Consecrated Virginity: St Agnes and After

One of the least understood aspects of Catholic teaching is the value it places on consecrated virginity, so the feast of St Agnes, who died a virgin martyr at the age of thirteen, is a good day to reflect on it.

First of all, let us be clear what we are talking about. Augustine points out that the whole Church is virginal by virtue of the integrity of her faith and love. She alone is the one true Bride of Christ. The consecrated virgin is a sign and symbol of this ecclesial reality. That is why the individual is ordinarily admitted to the state of consecrated virginity by the bishop of the diocese to which she belongs (canon 604). If you read through the Rite of Consecration, and the ancient prayer which is its constitutive element, you will notice similarities with the ordination of a deacon. That is no accident. The consecrated virgin may or may not have a secular job, but her commitment to prayer and works of charity within the diocese is her essential work. The Catechism sums this up as a ‘vocation to prayer, penance, and the service of her brethren’. (CCC 923)

Until comparatively recently, consecration to virginity had fallen into disuse in the Church generally. It was found only among monastic orders, as an adjunct to monastic profession. (If you wish to trace the liturgical history, René Metz, La Consécration des Vierges, is still the best guide, in my view.) Now you may well find a Consecrated Virgin in your own parish, unobtrusively serving the Lord and enriching the whole Church with her presence.

There can be no dispensation from the obligation to maintain lifelong virginity: the exterior sign of the interior commitment is one and indivisible. It is thus different in kind, though not in effect, from the prospective vow of lifelong single chastity made at religious profession. Again, the prayer of consecration lauds marriage but reminds us that those who have chosen a life of virginity do so out of a desire to follow Christ with all their potentialities. Consecrated virginity is thus an eschatological sign; and perhaps in these days, when sex has been trivialised into something that sells, we need that eschatalogical sign more than ever before.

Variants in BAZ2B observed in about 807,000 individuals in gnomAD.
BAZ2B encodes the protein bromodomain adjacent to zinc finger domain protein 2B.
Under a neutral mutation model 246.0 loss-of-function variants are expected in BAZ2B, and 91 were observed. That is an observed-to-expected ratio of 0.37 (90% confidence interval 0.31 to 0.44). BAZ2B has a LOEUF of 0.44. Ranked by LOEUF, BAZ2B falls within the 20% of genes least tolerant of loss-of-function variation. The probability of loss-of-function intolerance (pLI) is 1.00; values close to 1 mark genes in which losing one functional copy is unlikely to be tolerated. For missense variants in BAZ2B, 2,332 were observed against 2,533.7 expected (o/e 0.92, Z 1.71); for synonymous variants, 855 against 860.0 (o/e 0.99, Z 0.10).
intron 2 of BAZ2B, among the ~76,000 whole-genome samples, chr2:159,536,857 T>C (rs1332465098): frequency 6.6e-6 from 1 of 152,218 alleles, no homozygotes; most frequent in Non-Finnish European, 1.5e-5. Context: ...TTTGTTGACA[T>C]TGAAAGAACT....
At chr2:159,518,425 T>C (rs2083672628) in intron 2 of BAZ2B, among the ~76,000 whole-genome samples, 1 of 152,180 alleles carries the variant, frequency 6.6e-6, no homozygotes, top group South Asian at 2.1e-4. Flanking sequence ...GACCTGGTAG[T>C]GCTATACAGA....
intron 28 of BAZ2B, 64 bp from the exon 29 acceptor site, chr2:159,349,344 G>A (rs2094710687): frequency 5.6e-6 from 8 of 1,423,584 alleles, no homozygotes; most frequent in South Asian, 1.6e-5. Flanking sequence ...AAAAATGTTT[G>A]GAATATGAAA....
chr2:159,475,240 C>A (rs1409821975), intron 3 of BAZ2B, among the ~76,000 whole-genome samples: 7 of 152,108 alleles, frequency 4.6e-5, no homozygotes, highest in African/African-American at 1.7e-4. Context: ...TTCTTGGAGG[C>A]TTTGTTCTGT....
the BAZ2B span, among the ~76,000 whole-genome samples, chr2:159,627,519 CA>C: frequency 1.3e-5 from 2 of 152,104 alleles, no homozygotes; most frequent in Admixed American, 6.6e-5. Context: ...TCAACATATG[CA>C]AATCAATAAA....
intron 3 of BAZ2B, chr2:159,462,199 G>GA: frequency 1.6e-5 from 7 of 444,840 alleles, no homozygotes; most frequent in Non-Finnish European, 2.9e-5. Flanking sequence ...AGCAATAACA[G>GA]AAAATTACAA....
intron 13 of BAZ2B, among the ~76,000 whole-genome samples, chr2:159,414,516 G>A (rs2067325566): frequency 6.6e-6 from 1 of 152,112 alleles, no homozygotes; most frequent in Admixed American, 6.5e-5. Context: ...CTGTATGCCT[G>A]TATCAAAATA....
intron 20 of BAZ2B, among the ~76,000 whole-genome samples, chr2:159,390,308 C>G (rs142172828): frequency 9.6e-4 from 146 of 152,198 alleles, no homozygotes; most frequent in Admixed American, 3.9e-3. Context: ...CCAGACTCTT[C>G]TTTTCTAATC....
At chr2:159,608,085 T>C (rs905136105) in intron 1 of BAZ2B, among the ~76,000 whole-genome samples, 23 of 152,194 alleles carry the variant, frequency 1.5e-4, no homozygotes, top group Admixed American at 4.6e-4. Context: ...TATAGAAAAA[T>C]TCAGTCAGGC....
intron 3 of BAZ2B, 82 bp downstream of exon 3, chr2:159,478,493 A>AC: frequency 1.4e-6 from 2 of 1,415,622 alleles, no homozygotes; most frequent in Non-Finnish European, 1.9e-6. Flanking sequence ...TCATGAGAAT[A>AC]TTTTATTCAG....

Today, on the feast of St Agnes, let us pray for all consecrated virgins and for the witness they give.



St Agnes was martyred early (at age 12 according to Ambrose, 13 according to Augustine) and is today chiefly remembered for being one of the female saints mentioned by name in the Roman canon. She is the patron saint of virgins, rape victims, gardeners, etc (there is a lot in the etc. but we’ll leave that for the moment) and has a singularly beautiful Office, so it would be easy to drift off on liturgical and historical reminiscence, but I think that might be to miss the point. The saints are not given to us so that we can commemorate them with exquisite art (though we often do) nor are they meant to be the subject of historical enquiry (though they often are). Saints are given to us for our encouragement. What encouragement can we derive from this young Roman girl martyred more than 1700 years ago?

For a start, she is a wonderful example of holiness in the young; and not the namby-pamby kind of ‘holiness’ which is in the eye of the sentimental beholder alone, but the real thing — gutsy, determined, tough-minded. Agnes stood up to her elders for what she believed and paid the price. Moreover, she stood up for something that many today find laughable or even an embarrassment: the freedom to choose whether to marry or not, whether to have sex or not. In her case, she chose a state of permanent virginity as an expression of love for Christ. That was the original ‘woman’s right to choose’ which she defended at the cost of her life. It is worth remembering that whenever we hear her named in the Mass, whenever we hear of someone being forced into an arranged marriage or raped. Let us ask her prayers for all vulnerable girls and women today.